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    • Join Date: Sep 2006
    • Posts: 50
    #1

    which tense

    The phrase "the room is occupied" clearly refers to the current time with "is" but appears to use the past tense with the "ed" suffix on the verb "to occupy".

    What is the correct analysis of this phrase?


    • Join Date: Aug 2006
    • Posts: 3,059
    #2

    Re: which tense

    Quote Originally Posted by risby View Post
    The phrase "the room is occupied" clearly refers to the current time with "is" but appears to use the past tense with the "ed" suffix on the verb "to occupy".

    What is the correct analysis of this phrase?
    Hello Risby,

    "occupied" is the past participle form being used in conjunction with the 'be' verb to form a passive voice which means the same as the active voice,

    "People are using (occupying) the room.


    • Join Date: Sep 2006
    • Posts: 50
    #3

    Re: which tense

    Thanks for that. I've found this site which suggests when to use the past and present participles. I've still much to learn about the passive and active voice: which is shocking considering that I'm fifty years old and English is my mother tongue.


    • Join Date: Aug 2006
    • Posts: 3,059
    #4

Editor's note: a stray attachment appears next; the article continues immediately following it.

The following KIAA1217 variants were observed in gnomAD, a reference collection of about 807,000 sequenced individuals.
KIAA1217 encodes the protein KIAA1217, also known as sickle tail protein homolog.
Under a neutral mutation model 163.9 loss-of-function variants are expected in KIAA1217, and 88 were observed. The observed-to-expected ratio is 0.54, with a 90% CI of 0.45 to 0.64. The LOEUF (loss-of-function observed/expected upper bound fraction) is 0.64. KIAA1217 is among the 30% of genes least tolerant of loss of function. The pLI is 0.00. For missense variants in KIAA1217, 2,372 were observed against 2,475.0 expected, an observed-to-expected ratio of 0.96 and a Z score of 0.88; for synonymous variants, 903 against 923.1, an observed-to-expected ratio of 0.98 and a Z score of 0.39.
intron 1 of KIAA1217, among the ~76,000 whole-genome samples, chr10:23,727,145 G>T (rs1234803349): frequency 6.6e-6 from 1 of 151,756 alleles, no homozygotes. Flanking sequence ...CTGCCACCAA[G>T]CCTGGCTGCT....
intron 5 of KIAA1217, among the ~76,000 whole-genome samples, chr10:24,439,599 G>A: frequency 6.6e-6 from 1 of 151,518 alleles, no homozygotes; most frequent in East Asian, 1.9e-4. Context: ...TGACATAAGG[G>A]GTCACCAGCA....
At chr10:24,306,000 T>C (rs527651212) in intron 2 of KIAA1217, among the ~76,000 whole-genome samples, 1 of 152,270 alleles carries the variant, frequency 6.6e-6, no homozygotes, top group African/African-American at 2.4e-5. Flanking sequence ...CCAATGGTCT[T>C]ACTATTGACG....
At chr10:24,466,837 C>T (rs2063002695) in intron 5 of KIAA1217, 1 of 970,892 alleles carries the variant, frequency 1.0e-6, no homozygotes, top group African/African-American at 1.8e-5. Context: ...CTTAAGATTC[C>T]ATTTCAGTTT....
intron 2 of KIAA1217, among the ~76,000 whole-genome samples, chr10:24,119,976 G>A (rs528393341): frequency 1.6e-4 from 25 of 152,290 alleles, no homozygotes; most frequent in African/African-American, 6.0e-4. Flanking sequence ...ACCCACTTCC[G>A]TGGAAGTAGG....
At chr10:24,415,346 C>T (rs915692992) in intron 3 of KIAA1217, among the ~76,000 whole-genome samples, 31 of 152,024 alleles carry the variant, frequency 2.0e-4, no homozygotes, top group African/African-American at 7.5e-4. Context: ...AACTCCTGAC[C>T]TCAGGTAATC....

Re: which tense

    Quote Originally Posted by risby View Post
    Thanks for that. I've found this site which suggests when to use the past and present participles. I've still much to learn about the passive and active voice: which is shocking considering that I'm fifty years old and English is my mother tongue.
    You know all there is to know about the structure of your language, Risby and you knew it from about the age of five or six. There's a big difference between knowing consciously and knowing unconsciously.

    Language experts who have studied language for years don't stop because they have learned everything. They readily admit that they are often confounded by the complexities of language. Language is the most complicated thing a human will ever do.

    Can you explain the intricacies of breathing? I doubt it but I know, because we're having this exchange, that you're still doing it well. I hope that you stay in practice for at least another 50 years.

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